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Worrisome Financial Decisions I've Heard

Last few months (up to close to a year) of my life, I've chanced across a few examples of really worrisome and unwise financial decisions:

  1. I need to buy a branded/prestigious/expensive (watch/car/product whatever) so that people respect me more and/or I get the job/person I want and/or I feel good. And worse - I use my credit card to do this.

  2. As above, but include "latest" eg latest gadget, latest whatnot

  3. I just quit my job because I-hate-my-boss/my-boss-hates me, and I totally ignored that I need to pay $2500 a month based on shit I've bought (based on #1 and #2 above)

  4. I am selling my house to upgrade to a larger one for someone (lover/son/daughter/son-in-law/daughter-in-law) and even though the sales of my house is 75% of the cost of the new house, because they have to take loans and because I love so-and-so, I am not putting the new house in my name at all.

  5. I don't believe in saving at all, since we may die tomorrow.

  6. Even though I know life and general insurance is good, I am not buying any for myself, my spouse and my kids.

  7. My personal mistake: using credit cards to learn how to do internet marketing from scammers who kept cheating idiots like me #retardme (kept digging a deeper hole)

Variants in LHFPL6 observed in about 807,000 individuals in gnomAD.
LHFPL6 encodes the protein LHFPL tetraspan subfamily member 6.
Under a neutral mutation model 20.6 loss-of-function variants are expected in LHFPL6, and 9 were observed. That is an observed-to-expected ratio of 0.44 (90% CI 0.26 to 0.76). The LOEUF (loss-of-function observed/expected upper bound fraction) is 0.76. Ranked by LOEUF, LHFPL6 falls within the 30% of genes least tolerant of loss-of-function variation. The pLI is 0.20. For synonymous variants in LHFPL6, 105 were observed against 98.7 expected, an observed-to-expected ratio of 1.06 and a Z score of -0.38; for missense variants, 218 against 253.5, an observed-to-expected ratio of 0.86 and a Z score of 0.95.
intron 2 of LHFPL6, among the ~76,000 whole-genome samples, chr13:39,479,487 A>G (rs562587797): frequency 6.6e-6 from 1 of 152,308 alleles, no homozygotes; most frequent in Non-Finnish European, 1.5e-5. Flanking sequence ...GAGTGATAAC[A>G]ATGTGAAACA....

...and more.

I totally feel like the guy in the picture above, my I think I'd pull all my hair out.

bad, bad, bad financial decisions

I know the 5 above are just SOME of the bad financial decisions in the world, but these are actual works and decisions I've seen people in my world do, and still do today.

These are not stupid people, on the contrary, they are highly educated and smart.

There are 100% smarter than me.

In terms of hierarchy, what I recommend these people to do is the usual basics:

  • Cut unnecessary expenses ruthlessly.

    I am more than happy to spend money on stuff I LOVE. But not on stuff that is out of habit/routine - which is why we don't spend money on stuff like Netflix (ugh, idiot box), high end phone plans, cars, watches and anything that we don't really care about.

    My phone tells time well. And buses, trains and cabs take me to places well.

  • Insurance.

    It is HIGHLY RESPONSIBLE to have at least health and termed insurance (as life insurance can be pricey) to hedge against large risk of  large medical and treatment bills for hospitalization, accidents and critical illnesses that can cripple and bankrupt families.

    Do not take unnecessary risks

  • Saving Ruthlessly 10-50% Of Income And Bonuses To Invest Into Stable Defensive Dividend Stocks.

    We have a fixed number of active working years, usually retiring between 50-70 years old (I aim to retire by 40-45 years old); so we need to plan in advance.

    Remember the statement "I dont save because I may die tomorrow" - yes, that is true, but check the stats - people usually live to between 60-80 years old, and so if you're 30...you generally have 30 more years at least to live.